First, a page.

Secret Trick to Increasing Test Scores

Have you ever walked down the stairs to retrieve something only to forget what it was the moment you got to the last step? How do you remember what you were looking for? Typically people walk back up the stairs and return to the place where they thought of the item in the first place. This is a good instinct, and an example of context-dependent memory. It means that we remember information better when we recall it in the context or location where we acquired it. This concept has been studied since 1930, but it wasn’t fully accepted as a theory until the 1970s.

The Diving Study – Proof of Context-Dependent Memory

Scientists D.R. Godden and A.D. Baddeley conducted a series of tests in 1975 known as the “diving study.” Previously, researchers had found that deep sea divers, upon returning to the surface, forgot a lot of what they had seen while submerged. Godden and Baddeley tested this finding by giving groups of divers a series of nonsense words to learn, both underwater and on land. They then had the divers recall the nonsense words in both locations. In doing so, they found that their recall rate was higher when the test subjects were in the same location where the message had been encoded.

What is Responsible for Context-Dependent Memory?

Although scientists have not yet determined what causes the phenomenon of context-dependent memory, they have traced it to the parts of the brain known as the hippocampus and the prefrontal cortex. Research suggests that increased activity occurs in the hippocampus and prefrontal cortex when information is recalled in the same place where it was learned.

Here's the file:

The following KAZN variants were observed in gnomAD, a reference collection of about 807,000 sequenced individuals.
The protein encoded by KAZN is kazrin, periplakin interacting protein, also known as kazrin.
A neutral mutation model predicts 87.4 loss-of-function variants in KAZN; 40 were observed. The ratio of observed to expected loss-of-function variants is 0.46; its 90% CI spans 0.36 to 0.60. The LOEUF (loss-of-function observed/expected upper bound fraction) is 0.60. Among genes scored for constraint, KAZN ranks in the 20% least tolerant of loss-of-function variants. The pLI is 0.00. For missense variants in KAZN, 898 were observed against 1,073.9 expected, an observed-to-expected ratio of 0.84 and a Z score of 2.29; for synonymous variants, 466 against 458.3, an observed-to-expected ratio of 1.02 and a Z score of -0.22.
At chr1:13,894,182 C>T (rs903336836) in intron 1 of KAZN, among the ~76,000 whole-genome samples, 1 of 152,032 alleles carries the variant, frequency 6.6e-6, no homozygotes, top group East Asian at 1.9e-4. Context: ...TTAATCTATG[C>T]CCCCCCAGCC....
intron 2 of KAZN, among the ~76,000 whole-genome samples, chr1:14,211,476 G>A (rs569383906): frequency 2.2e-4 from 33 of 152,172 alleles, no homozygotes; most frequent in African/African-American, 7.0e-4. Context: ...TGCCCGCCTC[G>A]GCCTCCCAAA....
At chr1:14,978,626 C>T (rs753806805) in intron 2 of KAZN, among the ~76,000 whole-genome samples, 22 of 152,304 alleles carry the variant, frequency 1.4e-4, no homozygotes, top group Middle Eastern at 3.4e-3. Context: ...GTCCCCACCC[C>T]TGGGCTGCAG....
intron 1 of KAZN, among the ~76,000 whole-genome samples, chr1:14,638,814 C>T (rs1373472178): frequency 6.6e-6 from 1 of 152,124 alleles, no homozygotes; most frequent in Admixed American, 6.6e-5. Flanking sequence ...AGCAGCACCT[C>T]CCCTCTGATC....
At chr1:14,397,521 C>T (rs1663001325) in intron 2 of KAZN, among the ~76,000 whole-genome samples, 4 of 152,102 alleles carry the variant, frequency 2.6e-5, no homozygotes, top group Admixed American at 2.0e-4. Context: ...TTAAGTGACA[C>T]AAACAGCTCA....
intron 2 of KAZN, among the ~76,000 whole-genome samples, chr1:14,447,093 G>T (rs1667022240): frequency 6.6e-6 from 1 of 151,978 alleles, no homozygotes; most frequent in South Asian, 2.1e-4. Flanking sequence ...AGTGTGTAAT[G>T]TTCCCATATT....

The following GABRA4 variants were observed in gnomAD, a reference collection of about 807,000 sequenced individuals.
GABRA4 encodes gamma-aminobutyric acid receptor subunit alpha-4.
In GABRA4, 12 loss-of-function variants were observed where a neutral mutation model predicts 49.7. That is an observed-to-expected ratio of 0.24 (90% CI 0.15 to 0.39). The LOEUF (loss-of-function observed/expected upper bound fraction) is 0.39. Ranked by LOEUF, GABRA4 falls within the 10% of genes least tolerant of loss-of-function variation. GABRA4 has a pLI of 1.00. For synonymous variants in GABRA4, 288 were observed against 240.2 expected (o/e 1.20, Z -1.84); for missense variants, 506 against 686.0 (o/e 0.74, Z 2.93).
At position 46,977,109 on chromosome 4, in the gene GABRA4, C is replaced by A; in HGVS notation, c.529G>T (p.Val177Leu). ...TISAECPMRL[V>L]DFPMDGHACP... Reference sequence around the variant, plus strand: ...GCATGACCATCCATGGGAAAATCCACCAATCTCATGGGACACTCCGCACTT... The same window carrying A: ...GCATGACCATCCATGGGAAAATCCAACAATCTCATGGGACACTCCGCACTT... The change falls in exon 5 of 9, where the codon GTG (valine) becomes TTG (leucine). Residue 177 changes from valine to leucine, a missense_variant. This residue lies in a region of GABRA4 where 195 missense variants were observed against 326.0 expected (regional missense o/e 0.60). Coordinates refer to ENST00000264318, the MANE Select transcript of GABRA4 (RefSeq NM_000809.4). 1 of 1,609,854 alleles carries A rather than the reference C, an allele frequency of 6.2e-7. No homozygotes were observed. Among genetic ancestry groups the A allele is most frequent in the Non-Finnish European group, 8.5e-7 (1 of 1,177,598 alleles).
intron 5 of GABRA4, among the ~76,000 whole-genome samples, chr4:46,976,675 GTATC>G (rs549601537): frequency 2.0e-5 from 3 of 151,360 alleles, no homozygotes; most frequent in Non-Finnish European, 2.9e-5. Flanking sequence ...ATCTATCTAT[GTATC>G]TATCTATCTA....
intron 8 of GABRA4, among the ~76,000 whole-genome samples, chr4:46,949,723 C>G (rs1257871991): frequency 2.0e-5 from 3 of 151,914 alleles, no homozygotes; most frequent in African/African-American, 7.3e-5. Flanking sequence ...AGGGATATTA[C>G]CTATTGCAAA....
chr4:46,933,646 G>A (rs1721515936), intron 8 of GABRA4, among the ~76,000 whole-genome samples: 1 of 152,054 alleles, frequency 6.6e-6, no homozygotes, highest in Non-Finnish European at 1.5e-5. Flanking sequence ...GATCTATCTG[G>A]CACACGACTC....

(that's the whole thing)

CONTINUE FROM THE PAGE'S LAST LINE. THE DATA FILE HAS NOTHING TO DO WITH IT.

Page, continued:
How to Use Context-Dependent Memory to Your Advantage

As a student, you can use context-dependent memory to your advantage. If you encode or learn information in a certain location, try to attempt recall or take tests in a similar location and set-up. While studying, set up your study area to mimic that of a test-taking situation. For example, sit at a desk and don’t play loud music. If you are going to be taking an online test, study in the same location where you will take the test.

Due to the flexible nature of learning with Mountain Heights Academy, students have the opportunity to use context-dependent memory to their advantage. Quizzes and tests are administered in the same way that study guides, assignments and information are distributed. This is only one benefit of taking online courses from Mountain Heights Academy. Other benefits include flexible schedules, quick responses from teachers and higher standardized test scores.